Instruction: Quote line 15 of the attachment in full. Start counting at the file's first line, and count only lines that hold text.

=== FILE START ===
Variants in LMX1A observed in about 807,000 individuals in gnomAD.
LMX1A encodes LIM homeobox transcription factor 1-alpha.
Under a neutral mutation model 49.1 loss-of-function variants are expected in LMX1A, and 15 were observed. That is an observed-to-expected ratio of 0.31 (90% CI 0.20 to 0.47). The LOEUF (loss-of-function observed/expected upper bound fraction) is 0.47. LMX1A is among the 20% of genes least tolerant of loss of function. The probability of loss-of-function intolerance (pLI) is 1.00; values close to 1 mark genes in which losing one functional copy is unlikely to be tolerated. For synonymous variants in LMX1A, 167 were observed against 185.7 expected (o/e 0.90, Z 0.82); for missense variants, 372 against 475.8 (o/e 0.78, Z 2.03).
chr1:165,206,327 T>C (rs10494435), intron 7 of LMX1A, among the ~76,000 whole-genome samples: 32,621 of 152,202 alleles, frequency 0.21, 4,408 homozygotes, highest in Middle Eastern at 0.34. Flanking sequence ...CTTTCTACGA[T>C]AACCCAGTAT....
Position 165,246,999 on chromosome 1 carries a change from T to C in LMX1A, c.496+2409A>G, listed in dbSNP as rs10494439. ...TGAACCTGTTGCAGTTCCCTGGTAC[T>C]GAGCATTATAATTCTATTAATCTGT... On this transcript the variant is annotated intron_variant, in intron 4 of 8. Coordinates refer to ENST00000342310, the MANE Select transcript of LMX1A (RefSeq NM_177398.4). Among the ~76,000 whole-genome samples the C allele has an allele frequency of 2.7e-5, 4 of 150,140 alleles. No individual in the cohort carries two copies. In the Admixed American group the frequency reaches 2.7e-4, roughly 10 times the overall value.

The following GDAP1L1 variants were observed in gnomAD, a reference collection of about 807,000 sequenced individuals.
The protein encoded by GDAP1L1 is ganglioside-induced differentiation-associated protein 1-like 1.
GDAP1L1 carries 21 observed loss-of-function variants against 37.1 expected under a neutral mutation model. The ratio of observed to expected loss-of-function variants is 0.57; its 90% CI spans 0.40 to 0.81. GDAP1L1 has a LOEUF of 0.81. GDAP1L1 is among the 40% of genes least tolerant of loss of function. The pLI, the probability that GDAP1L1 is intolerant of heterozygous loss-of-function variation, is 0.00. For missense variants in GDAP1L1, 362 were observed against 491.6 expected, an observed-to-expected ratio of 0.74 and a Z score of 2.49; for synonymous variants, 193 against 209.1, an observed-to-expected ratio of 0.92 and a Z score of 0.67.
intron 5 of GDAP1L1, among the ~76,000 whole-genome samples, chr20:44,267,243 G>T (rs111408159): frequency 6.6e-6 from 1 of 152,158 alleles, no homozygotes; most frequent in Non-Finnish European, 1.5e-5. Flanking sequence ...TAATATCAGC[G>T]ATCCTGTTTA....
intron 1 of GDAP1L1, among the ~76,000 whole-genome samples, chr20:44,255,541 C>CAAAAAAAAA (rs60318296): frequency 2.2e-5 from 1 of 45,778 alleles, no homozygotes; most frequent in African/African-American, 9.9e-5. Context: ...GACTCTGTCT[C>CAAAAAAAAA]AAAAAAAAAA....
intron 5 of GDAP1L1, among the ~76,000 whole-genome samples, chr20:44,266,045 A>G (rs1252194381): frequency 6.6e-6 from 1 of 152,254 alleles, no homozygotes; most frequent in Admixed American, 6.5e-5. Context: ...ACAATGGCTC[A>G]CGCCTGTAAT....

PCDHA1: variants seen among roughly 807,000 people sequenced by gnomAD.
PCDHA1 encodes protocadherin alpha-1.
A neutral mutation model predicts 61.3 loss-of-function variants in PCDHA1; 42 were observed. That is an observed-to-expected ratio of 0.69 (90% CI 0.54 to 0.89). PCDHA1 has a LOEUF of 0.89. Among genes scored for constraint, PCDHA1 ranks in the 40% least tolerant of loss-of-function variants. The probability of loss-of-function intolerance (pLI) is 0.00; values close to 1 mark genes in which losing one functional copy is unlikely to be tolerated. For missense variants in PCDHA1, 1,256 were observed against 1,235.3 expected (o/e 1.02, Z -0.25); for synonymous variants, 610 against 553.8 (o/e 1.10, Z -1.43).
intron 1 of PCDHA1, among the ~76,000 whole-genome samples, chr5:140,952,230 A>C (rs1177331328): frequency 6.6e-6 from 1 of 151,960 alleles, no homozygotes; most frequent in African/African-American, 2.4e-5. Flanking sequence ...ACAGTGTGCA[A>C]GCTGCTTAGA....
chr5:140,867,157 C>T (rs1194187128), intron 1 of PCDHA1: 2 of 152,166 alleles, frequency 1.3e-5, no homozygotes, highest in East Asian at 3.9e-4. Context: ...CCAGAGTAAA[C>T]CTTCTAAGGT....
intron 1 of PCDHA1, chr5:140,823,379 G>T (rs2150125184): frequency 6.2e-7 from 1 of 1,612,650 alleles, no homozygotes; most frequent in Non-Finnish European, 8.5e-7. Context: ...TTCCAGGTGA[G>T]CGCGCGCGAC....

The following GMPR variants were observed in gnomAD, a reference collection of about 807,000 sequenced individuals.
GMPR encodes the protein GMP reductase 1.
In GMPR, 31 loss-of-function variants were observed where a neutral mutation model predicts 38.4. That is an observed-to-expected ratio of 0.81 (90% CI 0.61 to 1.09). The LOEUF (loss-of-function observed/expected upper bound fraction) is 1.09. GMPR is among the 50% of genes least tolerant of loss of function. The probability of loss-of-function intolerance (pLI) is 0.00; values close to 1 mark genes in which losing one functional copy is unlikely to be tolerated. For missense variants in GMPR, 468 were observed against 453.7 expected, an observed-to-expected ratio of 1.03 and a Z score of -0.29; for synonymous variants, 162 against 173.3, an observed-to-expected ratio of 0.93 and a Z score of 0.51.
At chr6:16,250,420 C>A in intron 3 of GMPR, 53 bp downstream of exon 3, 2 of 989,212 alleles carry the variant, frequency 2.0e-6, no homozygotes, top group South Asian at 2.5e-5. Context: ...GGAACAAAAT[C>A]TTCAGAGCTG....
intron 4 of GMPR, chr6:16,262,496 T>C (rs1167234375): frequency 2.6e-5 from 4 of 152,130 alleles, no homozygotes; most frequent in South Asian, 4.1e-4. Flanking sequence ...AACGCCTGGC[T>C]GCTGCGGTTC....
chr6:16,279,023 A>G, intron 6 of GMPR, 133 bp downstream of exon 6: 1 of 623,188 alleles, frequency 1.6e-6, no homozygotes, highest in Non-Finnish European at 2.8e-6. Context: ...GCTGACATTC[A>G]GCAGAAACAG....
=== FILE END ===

intron 1 of PCDHA1, among the ~76,000 whole-genome samples, chr5:140,952,230 A>C (rs1177331328): frequency 6.6e-6 from 1 of 151,960 alleles, no homozygotes; most frequent in African/African-American, 2.4e-5. Flanking sequence ...ACAGTGTGCA[A>C]GCTGCTTAGA....